the Information of his vain trip. - ;
ACTIOJ ; SOBFOC3DS J "
r tl - am cat a loss to understand the
action of the British Columbia police,
said W. F., Watkins. an Immigration
inspector. "We were under the im
pression that - Vancouver . knew the
suspicions against Brayer were serious
enoughC-to , hold him. However, - if
Brayer ;has not fled the country Alto
gether, he should , be easy to pick up,
as he is -' badly . paralysed and can
barely get about.
Parts of China
Tokio, July 5. (I. N. S.) According
to advices received here, 1500 bandits
in numerous bands are .'overrunning
and ravaging Chien Tao, China. In
addition to Japanese police rushed
l there to protect Japanese interests.
border to prevent an invasion of . the
bandits. , .
Aged Resident of
Coos County Dies
. Marshfield. July .6, J M. Sturde-
anC for half a century a resident of
Coos county.' died at. his home at Myr
tle Point, aged 88 years. . H was a
native of Virginia, cam.: to -Coos
county in 18.3 and settled in the Co
quUle valley. He was the father of a
large family and one of the first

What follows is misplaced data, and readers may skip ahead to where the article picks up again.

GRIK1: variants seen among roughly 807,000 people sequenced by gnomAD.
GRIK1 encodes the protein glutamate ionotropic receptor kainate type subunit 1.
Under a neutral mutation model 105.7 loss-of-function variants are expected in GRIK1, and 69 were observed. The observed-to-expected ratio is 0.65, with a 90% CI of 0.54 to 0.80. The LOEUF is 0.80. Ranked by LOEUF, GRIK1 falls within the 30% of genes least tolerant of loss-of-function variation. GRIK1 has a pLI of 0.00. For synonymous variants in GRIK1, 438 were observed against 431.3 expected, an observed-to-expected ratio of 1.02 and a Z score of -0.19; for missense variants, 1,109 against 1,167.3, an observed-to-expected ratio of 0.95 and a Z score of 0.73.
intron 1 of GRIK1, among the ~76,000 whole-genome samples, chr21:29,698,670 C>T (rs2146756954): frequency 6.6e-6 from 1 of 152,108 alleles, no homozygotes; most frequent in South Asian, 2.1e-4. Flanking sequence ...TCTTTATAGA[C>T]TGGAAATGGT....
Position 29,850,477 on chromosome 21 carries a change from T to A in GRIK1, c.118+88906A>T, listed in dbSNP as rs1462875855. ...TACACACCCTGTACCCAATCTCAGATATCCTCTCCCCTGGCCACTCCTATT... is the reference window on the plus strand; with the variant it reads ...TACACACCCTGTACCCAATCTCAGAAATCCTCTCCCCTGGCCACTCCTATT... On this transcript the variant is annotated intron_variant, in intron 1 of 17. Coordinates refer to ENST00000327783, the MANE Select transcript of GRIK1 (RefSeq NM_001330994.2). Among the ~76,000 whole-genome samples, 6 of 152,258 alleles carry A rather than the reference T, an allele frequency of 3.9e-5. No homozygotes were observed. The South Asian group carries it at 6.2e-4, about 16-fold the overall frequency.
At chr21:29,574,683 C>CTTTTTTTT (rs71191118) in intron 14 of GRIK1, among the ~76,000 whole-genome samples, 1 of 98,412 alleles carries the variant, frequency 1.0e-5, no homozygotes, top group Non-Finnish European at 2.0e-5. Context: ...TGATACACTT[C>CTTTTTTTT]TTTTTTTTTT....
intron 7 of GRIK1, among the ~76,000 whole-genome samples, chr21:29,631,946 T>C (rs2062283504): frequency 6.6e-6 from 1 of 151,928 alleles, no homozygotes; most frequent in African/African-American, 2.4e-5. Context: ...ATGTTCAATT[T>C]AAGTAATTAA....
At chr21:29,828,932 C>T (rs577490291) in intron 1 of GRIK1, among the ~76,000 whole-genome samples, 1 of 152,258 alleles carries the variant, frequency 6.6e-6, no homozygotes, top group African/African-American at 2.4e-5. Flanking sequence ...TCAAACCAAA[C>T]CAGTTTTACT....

Masons in this section of .-the state.
LEWISTOy, IDAHO, TUBE BUITS
IT TO Itt; SEAR BICOBD
Lewiston, . Idaho, July 6. The ex
cessive heat felt here, 109 degrees be
ing recorded Monday, has only been
exceeded once. It was eight-tenths of
a degree hotter in July. 1918. The
mercury Tuesday reached 106 and no
relief Its in eight. Wheat in the Lewis-
ton-Clarkston valley is affected. The
harvest has begun on Gamaa Prairie,
which is In better condition and a nor
mal yield is expected.'" '
Err iss 9 s i s 43 n
After, the Glorious
Peaces rest contentment at the
Workers of Berlin -;
;Hang anEf f igy of ;
:i Von : Hihdenburg
- V .1 ' I '"I II I ' J t
Berlin, July 5. -Communists hanged
an effigy of Field Marshal Handenburg
one i of the most popular , heroes of
the .war during r the huge-; working
men's demonstration her Tesday :
' Inframmatory placards were paraded